Public art

Goal: Incorporate public art into new and existing developments to enhance the visual quality and create a sense of identity.

 p75. Public art needs to be taken into consideration at the outset of the design process, be of local relevance/significance to ensure it makes a valuable contribution to the character and success of a development. Public art is art for the public specifically designed by artists for the purpose of public display (i.e. it is beyond the artist’s work merely shown in public spaces). Public art is always site-specific and can take many forms that may include sculptures, fencing, paving, (this is covered under street furniture), street furniture, mosaics, glass work, flooring, lighting gateways or even community events.

 p76. Public art provides a great mechanism for leisure and planning to meet the broader Council’s corporate objectives. Public art features can be accepted as part of aplanning application or worked as a project within the design and build of a scheme,sometimes secured via Section 106 or through Community Infrastructure Contributions(CIL), or incorporated within a planning application.



Figure 20

  Figure 34:
Integrate art into the built environment (The Fairmile, Cholsey)


Inform your design:

Public engagement

Design competitions

Communicate your design:

Show the evolution of your design from initial concept to final design

Support your design:

Design Council Artists and Places (2008)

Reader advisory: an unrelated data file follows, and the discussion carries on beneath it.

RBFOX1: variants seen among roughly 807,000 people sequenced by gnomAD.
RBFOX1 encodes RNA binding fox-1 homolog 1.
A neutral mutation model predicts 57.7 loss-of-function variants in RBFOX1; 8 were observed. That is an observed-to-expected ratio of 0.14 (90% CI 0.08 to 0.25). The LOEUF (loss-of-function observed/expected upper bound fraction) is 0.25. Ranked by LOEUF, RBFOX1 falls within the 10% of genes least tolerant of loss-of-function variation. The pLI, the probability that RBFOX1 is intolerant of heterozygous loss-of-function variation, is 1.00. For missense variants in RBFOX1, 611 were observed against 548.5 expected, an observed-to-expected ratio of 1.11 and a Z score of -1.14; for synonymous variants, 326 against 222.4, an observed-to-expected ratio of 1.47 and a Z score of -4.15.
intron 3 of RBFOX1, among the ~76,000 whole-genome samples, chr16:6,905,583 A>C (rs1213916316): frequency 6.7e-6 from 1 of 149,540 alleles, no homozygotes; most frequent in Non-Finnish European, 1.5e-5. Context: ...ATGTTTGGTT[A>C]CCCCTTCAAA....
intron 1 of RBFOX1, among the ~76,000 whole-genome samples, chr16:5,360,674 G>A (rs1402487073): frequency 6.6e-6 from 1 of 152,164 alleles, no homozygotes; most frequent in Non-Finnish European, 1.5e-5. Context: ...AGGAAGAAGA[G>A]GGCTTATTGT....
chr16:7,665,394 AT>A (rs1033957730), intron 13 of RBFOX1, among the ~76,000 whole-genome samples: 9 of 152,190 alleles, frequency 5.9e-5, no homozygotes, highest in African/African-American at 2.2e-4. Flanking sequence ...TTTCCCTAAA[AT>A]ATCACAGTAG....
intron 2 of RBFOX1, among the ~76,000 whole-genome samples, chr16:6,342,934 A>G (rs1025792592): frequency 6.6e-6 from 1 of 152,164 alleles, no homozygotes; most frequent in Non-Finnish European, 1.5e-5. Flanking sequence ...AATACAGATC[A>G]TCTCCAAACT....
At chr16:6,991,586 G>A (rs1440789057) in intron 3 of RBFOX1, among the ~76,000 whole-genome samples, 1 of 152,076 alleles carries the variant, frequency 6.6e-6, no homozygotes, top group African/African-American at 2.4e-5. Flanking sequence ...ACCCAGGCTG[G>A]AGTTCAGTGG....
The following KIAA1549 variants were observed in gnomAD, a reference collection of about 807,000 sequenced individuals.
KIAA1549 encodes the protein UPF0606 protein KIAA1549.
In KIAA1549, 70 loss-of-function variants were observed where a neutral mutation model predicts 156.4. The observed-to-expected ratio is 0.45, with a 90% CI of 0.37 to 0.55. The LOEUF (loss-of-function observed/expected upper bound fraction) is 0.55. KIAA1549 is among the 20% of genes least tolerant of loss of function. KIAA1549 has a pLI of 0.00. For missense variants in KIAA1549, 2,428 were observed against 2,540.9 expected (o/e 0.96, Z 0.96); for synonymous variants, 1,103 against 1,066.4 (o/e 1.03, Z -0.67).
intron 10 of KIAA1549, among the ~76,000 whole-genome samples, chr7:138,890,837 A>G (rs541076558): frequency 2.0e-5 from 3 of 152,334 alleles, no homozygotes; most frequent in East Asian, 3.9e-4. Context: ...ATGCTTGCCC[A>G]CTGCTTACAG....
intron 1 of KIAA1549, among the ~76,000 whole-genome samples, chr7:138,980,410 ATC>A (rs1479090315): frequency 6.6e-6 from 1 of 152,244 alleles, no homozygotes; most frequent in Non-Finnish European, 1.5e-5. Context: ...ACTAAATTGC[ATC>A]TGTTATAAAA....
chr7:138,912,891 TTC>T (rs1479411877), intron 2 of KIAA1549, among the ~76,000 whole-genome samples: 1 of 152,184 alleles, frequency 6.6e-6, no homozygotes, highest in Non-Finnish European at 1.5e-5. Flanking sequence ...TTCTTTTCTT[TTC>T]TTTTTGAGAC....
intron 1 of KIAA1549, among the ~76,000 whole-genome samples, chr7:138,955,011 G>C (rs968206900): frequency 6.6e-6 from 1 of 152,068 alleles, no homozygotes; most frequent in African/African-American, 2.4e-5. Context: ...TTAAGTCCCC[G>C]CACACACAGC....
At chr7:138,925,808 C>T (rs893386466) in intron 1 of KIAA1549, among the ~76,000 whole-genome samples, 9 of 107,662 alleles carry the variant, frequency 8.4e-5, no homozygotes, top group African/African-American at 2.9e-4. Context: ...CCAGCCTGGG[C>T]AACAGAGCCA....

Association for Public Art

Public Art online


Public space, willow sphere (Cholsey meadows)
Brick relief, district centre wall (Didcot)
Public sculpture, the swirl (Didcot)
Public seating in open space, benches (Chinnor)

Ensure the scheme, or public art in any new development:

    1. is appropriately located and integrated. Relates to the design rationale of the development and helps create a place or feature (depending on the scale of development). This should be considered early in the design process.
    2. is of the highest quality;
    3. is designed and created by professional artists;
    4. has local relevance/significance (if not to the site then to the local area);
    5. is informed by public participation and involvement where appropriate;
    6. is informed by liaison and development with the Arts Development Officer.

Note: All design principles are applicable to all scales of development unless otherwise specified; *minor applications, **major applications